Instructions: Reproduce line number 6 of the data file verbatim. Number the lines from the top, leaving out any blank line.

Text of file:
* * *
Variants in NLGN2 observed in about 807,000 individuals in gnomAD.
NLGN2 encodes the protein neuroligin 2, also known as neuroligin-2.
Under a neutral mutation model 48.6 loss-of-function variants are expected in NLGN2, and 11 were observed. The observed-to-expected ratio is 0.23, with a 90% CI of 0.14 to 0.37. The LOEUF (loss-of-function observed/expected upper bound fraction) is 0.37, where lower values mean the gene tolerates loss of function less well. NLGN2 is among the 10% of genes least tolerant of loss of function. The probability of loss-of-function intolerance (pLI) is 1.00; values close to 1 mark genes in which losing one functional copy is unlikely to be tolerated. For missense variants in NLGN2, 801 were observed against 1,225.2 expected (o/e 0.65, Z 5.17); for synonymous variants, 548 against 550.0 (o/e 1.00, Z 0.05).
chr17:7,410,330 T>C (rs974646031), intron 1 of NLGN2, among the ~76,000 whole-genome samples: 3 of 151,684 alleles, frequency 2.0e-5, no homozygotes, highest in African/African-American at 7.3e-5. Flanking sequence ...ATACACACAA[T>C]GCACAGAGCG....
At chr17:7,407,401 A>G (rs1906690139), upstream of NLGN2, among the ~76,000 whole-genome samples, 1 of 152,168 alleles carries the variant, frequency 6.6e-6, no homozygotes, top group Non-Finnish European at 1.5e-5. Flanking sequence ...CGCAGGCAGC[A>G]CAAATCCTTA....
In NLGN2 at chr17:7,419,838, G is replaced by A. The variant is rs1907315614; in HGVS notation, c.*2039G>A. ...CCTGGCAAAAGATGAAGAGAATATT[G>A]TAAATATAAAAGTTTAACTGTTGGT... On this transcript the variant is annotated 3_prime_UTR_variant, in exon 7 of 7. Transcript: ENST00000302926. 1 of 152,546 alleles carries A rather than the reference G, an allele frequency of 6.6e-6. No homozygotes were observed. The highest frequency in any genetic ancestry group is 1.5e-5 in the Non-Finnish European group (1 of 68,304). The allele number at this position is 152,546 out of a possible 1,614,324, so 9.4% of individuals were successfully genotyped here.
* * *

In NLGN2 at chr17:7,419,838, G is replaced by A. The variant is rs1907315614; in HGVS notation, c.*2039G>A. ...CCTGGCAAAAGATGAAGAGAATATT[G>A]TAAATATAAAAGTTTAACTGTTGGT... On this transcript the variant is annotated 3_prime_UTR_variant, in exon 7 of 7. Transcript: ENST00000302926. 1 of 152,546 alleles carries A rather than the reference G, an allele frequency of 6.6e-6. No homozygotes were observed. The highest frequency in any genetic ancestry group is 1.5e-5 in the Non-Finnish European group (1 of 68,304). The allele number at this position is 152,546 out of a possible 1,614,324, so 9.4% of individuals were successfully genotyped here.